Einstein emigrated to the United States in 1933 after the Nazis confiscated all his property for the crimes of "cultural intellectualism, intellectual treason, and pacifist excesses." He took a position at Princeton University's Institute for Advanced Study, where he requested as his only research equipment "a desk or table, a chair, paper, and pencils. Oh yes, and a large waste basket . . . so I can throw away all my mistakes."

In the early months of World War II, aware of German experiments with fission, Einstein signed a letter (prepared by other physicists) describing to President Roosevelt the possibility of creating an atomic bomb, and his prestige was sufficient to spark the birth of the Manhattan Project. He was offered the prime minister's post in the newly born nation of Israel, but he turned it down so that he could continue working on the unified field theory that would, he hoped, lay bare God's blueprint for the universe.

He never succeeded, but without knowing it he sketched the task for the next three generations: super-string theory. In Einstein's time, physicists were aware of only two fundamental forces of physics, while today there are four known forces: gravitational, electromagnetic, weak atomic, and strong atomic. And today every theoretical physicist worth his salt, from Stephen Hawking to John Wheeler, is obsessed with the quest for unification of the laws that govern these forces.

That quest has recently taken a fascinating and mind-bending twist into the world of fundamental particles. In the fifteen years following Einstein's death in 1955, a number of very, very small particles were discovered -- and the theory of quarks was developed to explain them. According to quark theory, the only elementary particles are leptons and quarks (although there are six flavors of quarks, each of which comes in six colors). Leptons and quarks combine in various ways and combinations to make different, bigger particles, much as electrons, neutrons, and protons combine to make different types of atoms.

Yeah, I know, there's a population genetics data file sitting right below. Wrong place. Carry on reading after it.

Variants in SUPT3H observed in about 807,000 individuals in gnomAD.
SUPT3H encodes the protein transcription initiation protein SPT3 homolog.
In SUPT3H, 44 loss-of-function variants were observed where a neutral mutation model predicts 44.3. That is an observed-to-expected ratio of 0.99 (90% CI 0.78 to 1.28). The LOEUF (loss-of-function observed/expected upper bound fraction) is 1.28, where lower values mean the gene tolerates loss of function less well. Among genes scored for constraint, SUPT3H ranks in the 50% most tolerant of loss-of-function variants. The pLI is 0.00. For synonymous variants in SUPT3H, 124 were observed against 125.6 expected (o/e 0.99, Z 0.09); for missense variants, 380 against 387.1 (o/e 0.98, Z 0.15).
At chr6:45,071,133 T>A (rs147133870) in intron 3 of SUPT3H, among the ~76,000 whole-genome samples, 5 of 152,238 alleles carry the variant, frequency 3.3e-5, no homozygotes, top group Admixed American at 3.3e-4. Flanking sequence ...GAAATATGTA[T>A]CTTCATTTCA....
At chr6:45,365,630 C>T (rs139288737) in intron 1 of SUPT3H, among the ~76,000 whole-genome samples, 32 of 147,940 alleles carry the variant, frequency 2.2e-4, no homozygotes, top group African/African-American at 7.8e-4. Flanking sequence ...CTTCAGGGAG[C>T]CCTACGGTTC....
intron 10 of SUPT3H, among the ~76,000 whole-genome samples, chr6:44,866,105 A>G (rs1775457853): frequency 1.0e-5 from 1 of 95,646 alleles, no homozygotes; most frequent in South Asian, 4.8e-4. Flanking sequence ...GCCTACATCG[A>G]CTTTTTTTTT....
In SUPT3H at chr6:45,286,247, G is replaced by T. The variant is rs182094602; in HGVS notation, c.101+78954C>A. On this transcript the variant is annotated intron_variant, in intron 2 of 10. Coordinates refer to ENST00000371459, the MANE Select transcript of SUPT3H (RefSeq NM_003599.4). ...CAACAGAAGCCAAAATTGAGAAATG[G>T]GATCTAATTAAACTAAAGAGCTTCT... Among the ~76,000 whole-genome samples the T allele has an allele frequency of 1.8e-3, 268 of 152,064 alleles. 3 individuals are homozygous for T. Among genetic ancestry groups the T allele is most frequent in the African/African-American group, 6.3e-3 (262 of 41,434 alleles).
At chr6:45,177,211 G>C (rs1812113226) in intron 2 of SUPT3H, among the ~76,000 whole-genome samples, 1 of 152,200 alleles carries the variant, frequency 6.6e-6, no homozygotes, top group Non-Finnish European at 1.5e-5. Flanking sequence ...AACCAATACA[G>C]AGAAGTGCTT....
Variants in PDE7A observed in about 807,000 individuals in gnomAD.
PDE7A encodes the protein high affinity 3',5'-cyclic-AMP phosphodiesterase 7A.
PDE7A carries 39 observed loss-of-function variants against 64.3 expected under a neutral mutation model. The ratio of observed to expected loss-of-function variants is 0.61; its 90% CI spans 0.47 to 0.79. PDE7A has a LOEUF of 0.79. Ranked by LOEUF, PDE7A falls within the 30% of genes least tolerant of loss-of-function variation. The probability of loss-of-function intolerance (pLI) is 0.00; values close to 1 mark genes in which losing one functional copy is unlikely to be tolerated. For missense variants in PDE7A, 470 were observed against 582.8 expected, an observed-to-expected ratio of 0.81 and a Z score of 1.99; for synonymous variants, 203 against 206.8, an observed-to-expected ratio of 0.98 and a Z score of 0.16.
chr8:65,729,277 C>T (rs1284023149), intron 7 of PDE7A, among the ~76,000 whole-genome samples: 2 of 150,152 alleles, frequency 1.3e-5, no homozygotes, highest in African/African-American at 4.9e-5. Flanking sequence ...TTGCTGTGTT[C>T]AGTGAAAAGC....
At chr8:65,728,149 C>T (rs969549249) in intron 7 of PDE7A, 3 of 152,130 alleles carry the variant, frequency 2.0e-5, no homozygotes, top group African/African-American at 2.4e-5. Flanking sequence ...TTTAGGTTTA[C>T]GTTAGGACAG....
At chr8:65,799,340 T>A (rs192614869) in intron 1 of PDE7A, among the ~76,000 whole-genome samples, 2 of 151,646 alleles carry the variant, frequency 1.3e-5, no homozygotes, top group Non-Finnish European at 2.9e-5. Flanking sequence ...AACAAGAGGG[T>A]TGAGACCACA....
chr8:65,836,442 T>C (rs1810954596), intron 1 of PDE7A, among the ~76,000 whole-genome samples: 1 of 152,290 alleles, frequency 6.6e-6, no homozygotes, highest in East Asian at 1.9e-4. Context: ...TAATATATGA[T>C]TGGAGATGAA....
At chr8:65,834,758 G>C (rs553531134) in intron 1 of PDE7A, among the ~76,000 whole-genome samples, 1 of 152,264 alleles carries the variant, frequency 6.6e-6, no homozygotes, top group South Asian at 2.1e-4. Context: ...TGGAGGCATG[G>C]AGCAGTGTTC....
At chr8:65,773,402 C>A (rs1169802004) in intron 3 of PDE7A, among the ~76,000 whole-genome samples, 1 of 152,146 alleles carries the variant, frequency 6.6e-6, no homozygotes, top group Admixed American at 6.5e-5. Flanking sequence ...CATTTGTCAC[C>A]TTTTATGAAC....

Superstring theory postulates that there is only one truly elemental particle, which is a tiny loop of "string" that measures roughly 10<-35> meters and has an incredibly high level of energy. This string vibrates in different ways, and it is these different modes of vibration that cause the string to take on the forms of the different leptons and quarks, which in turn serve as the building blocks for all other particles. If superstring theory were proved, it would not only establish a fundamental particle, but also solve Einstein's problem of the unified field theory.

The problem is that for superstring theory to hold, the strings themselves must exist in anywhere from six to twenty-two dimensions beyond the four we see in everyday life.

More, the combining of these strings would take place on a scale that is many orders of magnitude smaller than is measurable by any sort of technology we can build. Finding a way to refine and prove superstring theory and finish Einstein's unification will require advances so revolutionary that no one can imagine what they might be.

No one, that is, but a giant.

Jonathan V. Last is a reporter at THE WEEKLY STANDARD.